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Home test in the making for early detection of kidney failure, heart disease and diabetes

The colon cancer population screening has shown that testing at home for a potentially serious disease works. A trial is now underway with the early detection of kidney damage, cardiovascular disease and type 2 diabetes through a self-test. The intention is that in five years’ time, a national population screening of 50 to 75-year-olds can be started.

By identifying and treating the conditions early, the health loss they cause in this group should decrease by 25 percent over the next ten years.

“A considerable number of Dutch people have kidney failure, heart disease or diabetes without their knowledge,” says researcher Ron Gansevoort, an internist-nephrologist at UMC Groningen. The test measures whether there is protein in the urine, a heart rhythm test is performed and there is a questionnaire. “The heart rhythm test is done via an app on the smartphone. This way we can detect what type of heart rhythm disorder it is and give advice.”

Preventing aggravation

Chronic kidney damage is irreversible and can have major consequences, says Gansevoort. That is why it is very important to identify this at an early stage. For the trial, in four regions – Breda, Utrecht, Arnhem and Eindhoven – a total of about 160,000 people aged 50 to 75 years are invited to take such a home test.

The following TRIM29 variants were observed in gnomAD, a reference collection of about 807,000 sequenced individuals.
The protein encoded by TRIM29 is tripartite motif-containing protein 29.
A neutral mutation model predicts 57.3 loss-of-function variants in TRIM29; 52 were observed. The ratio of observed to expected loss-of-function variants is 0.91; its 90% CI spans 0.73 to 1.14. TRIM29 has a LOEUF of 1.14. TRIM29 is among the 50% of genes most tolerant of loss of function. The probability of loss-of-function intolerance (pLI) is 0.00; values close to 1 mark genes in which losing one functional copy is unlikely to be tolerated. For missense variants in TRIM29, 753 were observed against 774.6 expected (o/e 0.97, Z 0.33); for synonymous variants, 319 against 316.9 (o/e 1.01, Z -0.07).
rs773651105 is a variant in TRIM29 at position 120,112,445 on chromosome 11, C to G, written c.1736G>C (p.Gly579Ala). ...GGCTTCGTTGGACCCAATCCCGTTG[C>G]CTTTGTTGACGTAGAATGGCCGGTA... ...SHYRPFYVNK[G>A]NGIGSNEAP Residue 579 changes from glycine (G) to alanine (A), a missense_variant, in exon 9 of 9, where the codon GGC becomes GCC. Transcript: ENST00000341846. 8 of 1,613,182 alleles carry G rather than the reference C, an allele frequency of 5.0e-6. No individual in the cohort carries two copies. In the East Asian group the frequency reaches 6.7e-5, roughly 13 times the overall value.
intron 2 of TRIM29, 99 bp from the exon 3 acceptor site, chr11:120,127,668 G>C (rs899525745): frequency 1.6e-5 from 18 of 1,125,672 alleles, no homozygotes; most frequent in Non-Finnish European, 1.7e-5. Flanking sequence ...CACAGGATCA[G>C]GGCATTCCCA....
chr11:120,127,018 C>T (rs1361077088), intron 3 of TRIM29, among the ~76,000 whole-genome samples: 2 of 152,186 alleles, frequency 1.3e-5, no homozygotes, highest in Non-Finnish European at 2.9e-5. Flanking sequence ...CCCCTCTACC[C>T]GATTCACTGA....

If there is a positive result, they will be called up for a follow-up examination. “Protein in the urine can indicate damage to the kidneys, usually due to high blood pressure, diabetes and/or high cholesterol.” After the follow-up examination, in a regional diagnostic center, people receive, for example, lifestyle advice or medication. In this way, regular care is relieved as much as possible.

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Don’t go to the doctor

A pilot was recently carried out in Breda. 60% of the invited people took part. Most of them also came to the extra check with a positive result. “In case of an abnormality, they were then advised to go to the GP, but only 50 percent of the people follow that advice,” notes Gansevoort. “Apparently we don’t reach people well, or communication goes wrong. Or the threshold to the GP is too high. We are now working on a different approach, for example a consultation bureau-like setting.” Not only can the screening be done there, but also the treatment.

In the pilot, lessons learned in the first test region are carried over to the next region. The test will therefore not run in all four regions at the same time, but they will be taken one after the other. “We hope that in five years we will be able to offer a national population screening.”

The research, called [email protected], is an initiative of the Kidney Foundation, the Heart Foundation, the Diabetes Fund and the Dutch CardioVascular Alliance. There are 1.5 million people in the Netherlands with cardiovascular disease, 1.7 million with chronic kidney damage and 1 million with type 2 diabetes. It is expected that the number will only increase, partly due to the aging population.

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